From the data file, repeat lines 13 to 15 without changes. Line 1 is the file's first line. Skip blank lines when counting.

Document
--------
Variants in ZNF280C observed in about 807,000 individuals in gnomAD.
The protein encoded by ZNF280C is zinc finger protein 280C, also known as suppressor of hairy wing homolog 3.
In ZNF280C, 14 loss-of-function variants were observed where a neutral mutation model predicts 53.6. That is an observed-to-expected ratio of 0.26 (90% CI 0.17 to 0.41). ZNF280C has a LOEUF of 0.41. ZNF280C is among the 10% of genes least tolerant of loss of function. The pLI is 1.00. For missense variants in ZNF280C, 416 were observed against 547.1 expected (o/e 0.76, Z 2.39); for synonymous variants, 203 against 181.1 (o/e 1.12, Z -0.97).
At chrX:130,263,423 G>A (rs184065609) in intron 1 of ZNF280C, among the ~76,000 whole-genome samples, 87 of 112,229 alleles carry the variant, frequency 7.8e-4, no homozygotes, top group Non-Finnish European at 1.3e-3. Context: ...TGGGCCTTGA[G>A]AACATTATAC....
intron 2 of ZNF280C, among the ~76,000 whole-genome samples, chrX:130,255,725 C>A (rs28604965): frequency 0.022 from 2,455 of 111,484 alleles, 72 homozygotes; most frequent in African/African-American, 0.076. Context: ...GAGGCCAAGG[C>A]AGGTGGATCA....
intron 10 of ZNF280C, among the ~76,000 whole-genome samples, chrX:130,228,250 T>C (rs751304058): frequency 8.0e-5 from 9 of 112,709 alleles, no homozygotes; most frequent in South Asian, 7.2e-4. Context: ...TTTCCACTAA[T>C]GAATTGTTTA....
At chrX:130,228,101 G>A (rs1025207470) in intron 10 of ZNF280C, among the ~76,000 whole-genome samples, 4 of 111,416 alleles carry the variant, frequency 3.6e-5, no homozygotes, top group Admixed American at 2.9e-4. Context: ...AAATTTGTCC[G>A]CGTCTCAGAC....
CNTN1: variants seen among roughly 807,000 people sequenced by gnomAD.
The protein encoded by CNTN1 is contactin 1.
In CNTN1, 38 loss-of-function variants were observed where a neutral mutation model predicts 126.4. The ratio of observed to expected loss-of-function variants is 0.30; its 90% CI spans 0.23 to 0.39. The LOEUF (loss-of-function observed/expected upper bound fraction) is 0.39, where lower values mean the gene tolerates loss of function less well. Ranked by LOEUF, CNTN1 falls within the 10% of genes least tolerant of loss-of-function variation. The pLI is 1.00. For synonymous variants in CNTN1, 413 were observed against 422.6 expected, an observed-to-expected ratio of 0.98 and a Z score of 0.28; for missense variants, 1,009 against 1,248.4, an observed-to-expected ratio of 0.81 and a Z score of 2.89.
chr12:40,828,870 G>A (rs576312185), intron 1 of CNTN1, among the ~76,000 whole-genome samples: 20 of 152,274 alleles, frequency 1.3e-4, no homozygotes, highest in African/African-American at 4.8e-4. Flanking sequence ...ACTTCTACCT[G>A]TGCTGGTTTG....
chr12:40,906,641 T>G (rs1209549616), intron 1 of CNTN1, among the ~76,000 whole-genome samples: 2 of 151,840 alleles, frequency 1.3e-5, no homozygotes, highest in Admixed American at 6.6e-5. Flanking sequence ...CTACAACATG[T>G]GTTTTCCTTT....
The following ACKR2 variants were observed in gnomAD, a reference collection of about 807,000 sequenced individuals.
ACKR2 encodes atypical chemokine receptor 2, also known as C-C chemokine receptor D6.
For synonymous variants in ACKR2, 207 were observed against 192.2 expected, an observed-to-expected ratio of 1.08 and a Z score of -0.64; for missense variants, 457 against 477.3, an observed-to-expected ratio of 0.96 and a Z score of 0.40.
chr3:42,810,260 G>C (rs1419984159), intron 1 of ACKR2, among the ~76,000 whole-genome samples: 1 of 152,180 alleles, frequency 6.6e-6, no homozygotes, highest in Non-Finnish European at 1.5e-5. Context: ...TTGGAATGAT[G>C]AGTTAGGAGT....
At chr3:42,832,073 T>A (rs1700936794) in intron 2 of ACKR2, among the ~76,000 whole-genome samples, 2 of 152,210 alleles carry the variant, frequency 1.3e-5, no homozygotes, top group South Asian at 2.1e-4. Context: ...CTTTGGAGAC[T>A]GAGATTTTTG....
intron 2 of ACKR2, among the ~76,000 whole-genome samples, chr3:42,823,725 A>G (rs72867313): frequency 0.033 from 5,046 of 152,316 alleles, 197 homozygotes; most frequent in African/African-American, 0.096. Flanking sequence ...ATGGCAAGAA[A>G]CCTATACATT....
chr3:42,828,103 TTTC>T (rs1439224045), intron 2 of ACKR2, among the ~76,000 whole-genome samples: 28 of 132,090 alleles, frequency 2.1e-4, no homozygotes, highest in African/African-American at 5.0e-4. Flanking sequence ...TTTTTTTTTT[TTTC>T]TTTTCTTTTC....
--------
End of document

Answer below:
The following ACKR2 variants were observed in gnomAD, a reference collection of about 807,000 sequenced individuals.
ACKR2 encodes atypical chemokine receptor 2, also known as C-C chemokine receptor D6.
For synonymous variants in ACKR2, 207 were observed against 192.2 expected, an observed-to-expected ratio of 1.08 and a Z score of -0.64; for missense variants, 457 against 477.3, an observed-to-expected ratio of 0.96 and a Z score of 0.40.